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>> [...SIGXFSZ...]
>> It seems to me it would be more useful to do something like what
>> RLIMIT_CPU does, and generate SIGXFSZ for such operations, but fail
>> them only when the size exceeds the hard limit.  [...]
> So I think the CPU limit signalling is treated as a special case
> because it's pretty useless to deliver a signal whose handler you
> can't execute because you're past the CPU limit.  Otherwise (all
> other limits) you get denied once you reach the soft limit, and I
> think that's the way things are intended to work.

RLIMIT_FSIZE is already special in another way, a way similar to
RLIMIT_CPU: it generates a signal.  You don't get a SIGXPROC when
trying to fork() when you're over RLIMIT_NPROC.  You don't get SIGXFD
when running into RLIMIT_NOFILE.  (Though perhaps you should.  Maybe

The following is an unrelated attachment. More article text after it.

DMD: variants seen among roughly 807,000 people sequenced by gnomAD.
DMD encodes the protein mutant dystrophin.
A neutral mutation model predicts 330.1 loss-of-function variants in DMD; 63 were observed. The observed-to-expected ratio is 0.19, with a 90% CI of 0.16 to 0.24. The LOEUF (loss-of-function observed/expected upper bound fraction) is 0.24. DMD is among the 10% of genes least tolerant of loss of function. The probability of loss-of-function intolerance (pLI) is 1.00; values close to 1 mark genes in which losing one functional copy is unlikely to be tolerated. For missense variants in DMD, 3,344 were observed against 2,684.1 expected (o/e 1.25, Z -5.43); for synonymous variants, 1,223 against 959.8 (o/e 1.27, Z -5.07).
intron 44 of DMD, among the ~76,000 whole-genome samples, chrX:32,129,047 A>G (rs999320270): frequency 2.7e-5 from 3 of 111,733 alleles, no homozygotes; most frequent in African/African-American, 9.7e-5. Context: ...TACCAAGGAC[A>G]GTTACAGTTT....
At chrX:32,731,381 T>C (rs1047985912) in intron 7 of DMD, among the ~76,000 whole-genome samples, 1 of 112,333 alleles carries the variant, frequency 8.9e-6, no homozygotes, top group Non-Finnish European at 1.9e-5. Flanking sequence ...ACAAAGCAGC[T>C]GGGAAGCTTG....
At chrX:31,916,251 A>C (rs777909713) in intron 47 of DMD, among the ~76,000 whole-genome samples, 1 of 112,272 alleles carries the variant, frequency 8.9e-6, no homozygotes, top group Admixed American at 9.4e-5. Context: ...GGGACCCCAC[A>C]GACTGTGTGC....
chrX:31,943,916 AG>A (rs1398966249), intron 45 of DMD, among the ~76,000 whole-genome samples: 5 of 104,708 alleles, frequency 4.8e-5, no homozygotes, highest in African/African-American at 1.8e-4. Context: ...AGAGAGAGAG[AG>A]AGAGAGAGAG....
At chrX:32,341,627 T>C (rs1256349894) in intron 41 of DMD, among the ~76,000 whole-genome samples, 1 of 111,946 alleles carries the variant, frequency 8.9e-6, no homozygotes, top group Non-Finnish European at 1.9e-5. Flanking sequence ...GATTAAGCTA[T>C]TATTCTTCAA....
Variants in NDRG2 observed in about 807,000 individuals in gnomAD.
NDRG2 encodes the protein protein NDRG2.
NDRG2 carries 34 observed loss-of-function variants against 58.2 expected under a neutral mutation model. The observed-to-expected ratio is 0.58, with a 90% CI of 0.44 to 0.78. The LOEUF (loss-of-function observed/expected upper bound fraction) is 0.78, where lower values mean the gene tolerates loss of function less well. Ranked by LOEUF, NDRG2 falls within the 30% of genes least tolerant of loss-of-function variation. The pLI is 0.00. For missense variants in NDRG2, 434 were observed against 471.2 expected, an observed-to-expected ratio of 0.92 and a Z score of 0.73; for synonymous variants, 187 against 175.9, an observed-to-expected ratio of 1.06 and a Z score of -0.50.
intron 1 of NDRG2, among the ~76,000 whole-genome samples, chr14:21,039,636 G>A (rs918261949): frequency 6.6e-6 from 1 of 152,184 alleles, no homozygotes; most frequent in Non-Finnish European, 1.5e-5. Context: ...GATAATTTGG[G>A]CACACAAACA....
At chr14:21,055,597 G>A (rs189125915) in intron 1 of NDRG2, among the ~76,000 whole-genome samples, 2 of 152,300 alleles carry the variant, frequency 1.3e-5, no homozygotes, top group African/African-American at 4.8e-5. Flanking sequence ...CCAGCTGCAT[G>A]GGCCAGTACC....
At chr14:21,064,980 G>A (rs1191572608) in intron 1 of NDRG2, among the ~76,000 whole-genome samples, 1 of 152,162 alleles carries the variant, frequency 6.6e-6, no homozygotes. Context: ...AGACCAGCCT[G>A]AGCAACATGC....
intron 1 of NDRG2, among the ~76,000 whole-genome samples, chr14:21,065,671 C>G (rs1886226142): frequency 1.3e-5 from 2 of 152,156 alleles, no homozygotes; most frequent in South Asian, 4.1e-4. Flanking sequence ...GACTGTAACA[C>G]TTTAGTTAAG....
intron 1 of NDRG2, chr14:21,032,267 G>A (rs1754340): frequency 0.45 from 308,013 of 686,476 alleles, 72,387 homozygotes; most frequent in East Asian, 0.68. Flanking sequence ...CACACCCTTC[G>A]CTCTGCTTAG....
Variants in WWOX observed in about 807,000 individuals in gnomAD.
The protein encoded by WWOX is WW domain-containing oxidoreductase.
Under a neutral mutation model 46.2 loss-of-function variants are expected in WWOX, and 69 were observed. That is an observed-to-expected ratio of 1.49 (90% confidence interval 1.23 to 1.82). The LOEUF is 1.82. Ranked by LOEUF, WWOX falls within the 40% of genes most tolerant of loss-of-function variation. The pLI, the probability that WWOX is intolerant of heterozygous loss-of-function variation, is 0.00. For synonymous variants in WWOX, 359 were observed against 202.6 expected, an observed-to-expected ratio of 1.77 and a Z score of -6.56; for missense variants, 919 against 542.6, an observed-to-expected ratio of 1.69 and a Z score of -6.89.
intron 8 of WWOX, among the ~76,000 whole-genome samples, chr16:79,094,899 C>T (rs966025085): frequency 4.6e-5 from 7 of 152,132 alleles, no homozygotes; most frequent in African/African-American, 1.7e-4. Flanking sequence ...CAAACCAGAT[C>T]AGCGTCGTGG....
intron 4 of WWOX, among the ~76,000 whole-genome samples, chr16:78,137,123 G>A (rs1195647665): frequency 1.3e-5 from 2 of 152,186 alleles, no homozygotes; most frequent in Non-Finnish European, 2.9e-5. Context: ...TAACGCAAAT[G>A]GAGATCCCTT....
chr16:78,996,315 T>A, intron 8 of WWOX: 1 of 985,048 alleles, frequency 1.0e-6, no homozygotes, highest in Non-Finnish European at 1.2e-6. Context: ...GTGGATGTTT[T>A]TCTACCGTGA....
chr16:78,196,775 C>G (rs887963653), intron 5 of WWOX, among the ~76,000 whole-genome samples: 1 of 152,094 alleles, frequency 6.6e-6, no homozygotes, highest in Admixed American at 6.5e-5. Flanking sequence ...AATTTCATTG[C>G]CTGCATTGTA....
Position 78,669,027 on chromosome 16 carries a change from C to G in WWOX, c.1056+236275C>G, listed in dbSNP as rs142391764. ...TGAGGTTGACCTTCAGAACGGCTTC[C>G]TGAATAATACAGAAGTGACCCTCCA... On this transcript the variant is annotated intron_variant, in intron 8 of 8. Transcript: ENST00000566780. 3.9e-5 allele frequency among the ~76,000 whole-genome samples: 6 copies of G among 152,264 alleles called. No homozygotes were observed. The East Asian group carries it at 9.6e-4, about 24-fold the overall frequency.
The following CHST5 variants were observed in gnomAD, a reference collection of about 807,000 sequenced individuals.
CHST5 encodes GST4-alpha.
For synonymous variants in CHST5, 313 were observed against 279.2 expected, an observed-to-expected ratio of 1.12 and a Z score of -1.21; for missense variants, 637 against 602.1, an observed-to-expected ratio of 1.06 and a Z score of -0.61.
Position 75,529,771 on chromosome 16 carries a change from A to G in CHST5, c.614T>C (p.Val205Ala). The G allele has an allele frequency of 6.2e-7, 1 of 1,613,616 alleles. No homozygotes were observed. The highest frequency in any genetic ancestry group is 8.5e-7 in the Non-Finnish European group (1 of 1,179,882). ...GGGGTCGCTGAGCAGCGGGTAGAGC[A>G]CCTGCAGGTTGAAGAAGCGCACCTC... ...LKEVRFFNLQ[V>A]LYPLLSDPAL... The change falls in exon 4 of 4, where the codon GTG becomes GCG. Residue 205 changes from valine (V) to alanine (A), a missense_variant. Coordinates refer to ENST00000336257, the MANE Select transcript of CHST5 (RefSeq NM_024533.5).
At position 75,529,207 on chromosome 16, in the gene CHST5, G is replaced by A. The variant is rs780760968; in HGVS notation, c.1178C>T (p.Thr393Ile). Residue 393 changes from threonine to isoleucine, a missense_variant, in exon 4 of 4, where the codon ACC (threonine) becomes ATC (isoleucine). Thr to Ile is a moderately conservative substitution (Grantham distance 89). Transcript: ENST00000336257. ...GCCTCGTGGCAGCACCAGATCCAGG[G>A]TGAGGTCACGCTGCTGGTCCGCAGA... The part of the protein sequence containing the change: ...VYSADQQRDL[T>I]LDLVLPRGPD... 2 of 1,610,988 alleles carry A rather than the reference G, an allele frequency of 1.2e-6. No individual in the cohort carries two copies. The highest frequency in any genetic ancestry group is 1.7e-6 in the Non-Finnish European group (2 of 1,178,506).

SIGRLIMIT, with the second handler arg saying which limit?)

If the write() simply failed showing EXFSIZE or some such, I might
agree with you.

> I think what you want is an additional signaling threshold that can
> be manipulated separately from the limit.

Sort of.

For my immediate purposes, I don't even _need_ to use RLIMIT_FSIZE at
all; it's simply a covenient way that's already there to hear about the
condition I care about.

I've made the changes I sketched for 4.0.1 and they do give the
behaviour I wanted/expected.  I'm going to add them to 1.4T and 5.2
(the other two versions I run) for my own use; I'll let you people hash
out whether NetBSD wants them.

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